Apple launched Siri, its intelligent personal assistant feature in 2011. It was initially available only on iPhone 4s, but since then Apple has added available on iOS devices such as iPhone 5, iPod touch 5, iPad 4 and iPad mini that were launched last year and the new iPhones launched this week.
After the initial hype, Siri has been tagged as a gimmicky feature as it came with limited support for languages, was quite slow to respond, and did not work occasionally due to server issues.
Apple acknowledged some of the shortcoming, but highlighted that the feature was in beta. Ex-IBM Research engineer Benoit Maison, an expert in speech recognition had explained why Apple had no choice but to release Siri in beta as it wouldn’t have been possible to fine tune and thoroughly tested in the labs like their iOS devices and software updates.
I worked on speech recognition with IBM Research for nearly six years. We participated in DARPA-sponsored research projects, field trials, and actual product development for various applications: dictation, call centers , automotive, even a classroom assistant for the hearing impaired. The basic story was always the same: get us more data! (data being in this case transcribed speech recordings). There is even a saying in the speech community: “there is no data like more data.” Some researchers have argued that most of the recent improvements in speech recognition accuracy can be credited to having more and better data, not to better algorithms. [..]
[..] It is tempting to consider Siri as some kind of artificial intelligence, who, once trained properly, can answer all sorts of questions. The reality is that it is a very complex patchwork of subsystems, many of which handcrafted.
To improve Siri, engineers must painstakingly look at the requests that she could not understand (in all languages!) and come up with new rules to cope with them. There are probably many, many gaps like “abortion clinic” in the current implementation, which will be fixed over time. When Apple states “we find places where we can do better, and we will in the coming weeks”, they are plainly describing how this process works.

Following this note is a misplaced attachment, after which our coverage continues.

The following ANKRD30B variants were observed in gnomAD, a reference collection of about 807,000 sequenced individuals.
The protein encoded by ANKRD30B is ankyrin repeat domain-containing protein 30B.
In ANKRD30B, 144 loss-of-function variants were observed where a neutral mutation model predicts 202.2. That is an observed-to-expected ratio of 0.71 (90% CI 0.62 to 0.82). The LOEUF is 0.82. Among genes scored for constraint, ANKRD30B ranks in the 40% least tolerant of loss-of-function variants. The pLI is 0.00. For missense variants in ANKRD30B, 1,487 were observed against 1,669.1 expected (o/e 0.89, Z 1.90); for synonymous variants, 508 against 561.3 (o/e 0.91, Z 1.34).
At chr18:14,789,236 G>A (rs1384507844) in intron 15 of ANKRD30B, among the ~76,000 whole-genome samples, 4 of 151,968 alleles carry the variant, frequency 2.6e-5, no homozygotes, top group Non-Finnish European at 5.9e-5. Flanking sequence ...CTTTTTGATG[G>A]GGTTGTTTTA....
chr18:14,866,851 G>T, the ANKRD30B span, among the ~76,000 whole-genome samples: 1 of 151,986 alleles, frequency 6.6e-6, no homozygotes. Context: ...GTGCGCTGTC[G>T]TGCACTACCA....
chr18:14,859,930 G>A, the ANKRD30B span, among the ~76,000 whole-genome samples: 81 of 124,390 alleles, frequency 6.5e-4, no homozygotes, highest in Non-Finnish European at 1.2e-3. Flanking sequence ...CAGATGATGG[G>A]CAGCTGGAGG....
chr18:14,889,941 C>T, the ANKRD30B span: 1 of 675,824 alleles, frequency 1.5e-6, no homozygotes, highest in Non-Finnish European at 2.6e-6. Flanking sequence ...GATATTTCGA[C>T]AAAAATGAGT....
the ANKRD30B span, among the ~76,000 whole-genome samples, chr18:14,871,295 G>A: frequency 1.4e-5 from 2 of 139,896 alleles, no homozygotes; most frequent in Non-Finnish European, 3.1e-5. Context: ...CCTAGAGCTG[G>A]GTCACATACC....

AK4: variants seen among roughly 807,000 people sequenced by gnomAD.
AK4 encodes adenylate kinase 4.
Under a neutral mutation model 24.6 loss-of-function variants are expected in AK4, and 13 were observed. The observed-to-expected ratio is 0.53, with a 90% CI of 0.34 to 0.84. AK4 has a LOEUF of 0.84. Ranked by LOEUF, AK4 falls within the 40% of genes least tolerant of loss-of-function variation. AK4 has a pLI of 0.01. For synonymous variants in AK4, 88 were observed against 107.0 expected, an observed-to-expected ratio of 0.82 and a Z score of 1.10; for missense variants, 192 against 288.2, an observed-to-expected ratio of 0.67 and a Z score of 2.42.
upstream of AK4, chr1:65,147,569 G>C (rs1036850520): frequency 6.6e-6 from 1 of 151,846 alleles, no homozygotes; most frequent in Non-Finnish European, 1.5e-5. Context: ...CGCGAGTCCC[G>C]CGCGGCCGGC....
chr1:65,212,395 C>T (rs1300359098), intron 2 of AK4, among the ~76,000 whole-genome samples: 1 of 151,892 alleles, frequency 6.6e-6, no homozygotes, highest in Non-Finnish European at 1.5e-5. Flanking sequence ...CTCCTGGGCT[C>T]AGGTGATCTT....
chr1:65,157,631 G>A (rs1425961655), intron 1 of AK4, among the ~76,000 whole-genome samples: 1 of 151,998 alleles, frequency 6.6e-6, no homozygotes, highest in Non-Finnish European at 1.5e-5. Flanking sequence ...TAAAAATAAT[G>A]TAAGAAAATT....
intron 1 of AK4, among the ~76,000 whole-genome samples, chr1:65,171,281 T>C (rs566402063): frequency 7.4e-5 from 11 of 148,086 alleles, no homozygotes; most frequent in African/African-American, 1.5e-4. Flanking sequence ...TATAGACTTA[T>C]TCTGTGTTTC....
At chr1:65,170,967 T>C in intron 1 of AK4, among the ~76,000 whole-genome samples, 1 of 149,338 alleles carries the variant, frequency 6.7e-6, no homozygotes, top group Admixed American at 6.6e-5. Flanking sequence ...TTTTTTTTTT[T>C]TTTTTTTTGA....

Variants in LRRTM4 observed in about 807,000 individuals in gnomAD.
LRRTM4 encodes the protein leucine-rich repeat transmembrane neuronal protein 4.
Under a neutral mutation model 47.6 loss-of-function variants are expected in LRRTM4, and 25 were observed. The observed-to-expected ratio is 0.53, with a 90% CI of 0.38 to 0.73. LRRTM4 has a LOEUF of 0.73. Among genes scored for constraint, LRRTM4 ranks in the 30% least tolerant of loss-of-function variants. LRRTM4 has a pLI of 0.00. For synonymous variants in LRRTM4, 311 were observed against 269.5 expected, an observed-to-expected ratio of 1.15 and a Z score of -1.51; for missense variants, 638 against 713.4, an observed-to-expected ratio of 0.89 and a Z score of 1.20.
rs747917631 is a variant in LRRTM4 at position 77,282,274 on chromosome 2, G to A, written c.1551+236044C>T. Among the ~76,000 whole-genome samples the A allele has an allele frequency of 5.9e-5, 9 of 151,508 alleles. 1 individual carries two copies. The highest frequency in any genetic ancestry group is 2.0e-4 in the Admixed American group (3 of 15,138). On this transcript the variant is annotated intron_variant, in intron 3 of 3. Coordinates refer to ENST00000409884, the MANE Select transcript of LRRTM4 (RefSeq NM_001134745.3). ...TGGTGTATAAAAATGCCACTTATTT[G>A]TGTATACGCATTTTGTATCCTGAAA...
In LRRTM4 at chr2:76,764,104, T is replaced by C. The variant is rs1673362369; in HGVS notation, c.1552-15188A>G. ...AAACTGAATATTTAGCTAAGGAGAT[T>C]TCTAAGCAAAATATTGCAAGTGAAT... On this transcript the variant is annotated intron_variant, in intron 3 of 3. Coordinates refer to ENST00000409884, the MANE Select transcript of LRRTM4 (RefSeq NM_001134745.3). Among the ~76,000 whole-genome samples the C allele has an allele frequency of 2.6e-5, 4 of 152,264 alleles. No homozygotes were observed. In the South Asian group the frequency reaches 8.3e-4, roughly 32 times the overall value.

It looks like after 2 years, Apple is finally comfortable to remove the beta tag from Siri. 9to5Mac has noticed that Apple has updated its Siri webpages to drop all references to the feature being in beta.
Last week, Apple had this to say about Siri on its product page:
Siri is available in Beta only on iPhone 4S, iPhone 5, iPad with Retina display, iPad mini, and iPod touch (5th generation) and requires Internet access. Siri may not be available in all languages or in all areas, and features may vary by area. Cellular data charges may apply.
It now reads:
Siri is available on iPhone 4s or later, iPad with Retina display, iPad mini, and iPod touch (5th generation) and requires Internet access. Siri may not be available in all languages or in all areas, and features may vary by area. Cellular data charges may apply.
As you can notice, there is no reference to beta. Apple has also removed the beta tag from the iOS 7 Siri page as you can see below:
iOS 7 brings a number of improvements to Siri such as an all-new user interface, ability to enable or disable system settings toggles, deeper integration with Wikipedia and Twitter, new voices and a lot more clear and natural sound voice. One of the controversial moves Apple has taken is ditch Google in favor of Bing for search results.
So when Apple releases iOS 7 on September 18, Siri will be officially out of Beta.
What do you think about Siri? Do you use it a lot? Let us know in the comments.
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